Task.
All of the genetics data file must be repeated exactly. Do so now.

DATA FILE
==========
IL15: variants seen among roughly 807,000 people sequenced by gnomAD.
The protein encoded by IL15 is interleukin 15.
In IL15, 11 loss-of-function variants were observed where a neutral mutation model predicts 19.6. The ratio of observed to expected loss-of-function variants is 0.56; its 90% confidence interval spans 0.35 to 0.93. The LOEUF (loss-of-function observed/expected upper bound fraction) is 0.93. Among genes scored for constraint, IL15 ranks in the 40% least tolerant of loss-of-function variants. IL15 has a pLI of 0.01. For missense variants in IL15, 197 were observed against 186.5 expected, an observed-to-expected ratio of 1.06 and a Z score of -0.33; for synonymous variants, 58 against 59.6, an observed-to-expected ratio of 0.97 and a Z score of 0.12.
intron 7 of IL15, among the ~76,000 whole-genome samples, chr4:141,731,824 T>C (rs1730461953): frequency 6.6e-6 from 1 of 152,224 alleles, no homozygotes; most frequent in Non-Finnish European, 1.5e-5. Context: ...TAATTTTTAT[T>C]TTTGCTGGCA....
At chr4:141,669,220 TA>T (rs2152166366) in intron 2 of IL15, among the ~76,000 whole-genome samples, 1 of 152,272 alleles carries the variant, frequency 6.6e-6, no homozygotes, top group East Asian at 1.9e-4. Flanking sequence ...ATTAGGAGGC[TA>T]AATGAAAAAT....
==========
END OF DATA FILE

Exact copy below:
IL15: variants seen among roughly 807,000 people sequenced by gnomAD.
The protein encoded by IL15 is interleukin 15.
In IL15, 11 loss-of-function variants were observed where a neutral mutation model predicts 19.6. The ratio of observed to expected loss-of-function variants is 0.56; its 90% confidence interval spans 0.35 to 0.93. The LOEUF (loss-of-function observed/expected upper bound fraction) is 0.93. Among genes scored for constraint, IL15 ranks in the 40% least tolerant of loss-of-function variants. IL15 has a pLI of 0.01. For missense variants in IL15, 197 were observed against 186.5 expected, an observed-to-expected ratio of 1.06 and a Z score of -0.33; for synonymous variants, 58 against 59.6, an observed-to-expected ratio of 0.97 and a Z score of 0.12.
intron 7 of IL15, among the ~76,000 whole-genome samples, chr4:141,731,824 T>C (rs1730461953): frequency 6.6e-6 from 1 of 152,224 alleles, no homozygotes; most frequent in Non-Finnish European, 1.5e-5. Context: ...TAATTTTTAT[T>C]TTTGCTGGCA....
At chr4:141,669,220 TA>T (rs2152166366) in intron 2 of IL15, among the ~76,000 whole-genome samples, 1 of 152,272 alleles carries the variant, frequency 6.6e-6, no homozygotes, top group East Asian at 1.9e-4. Flanking sequence ...ATTAGGAGGC[TA>T]AATGAAAAAT....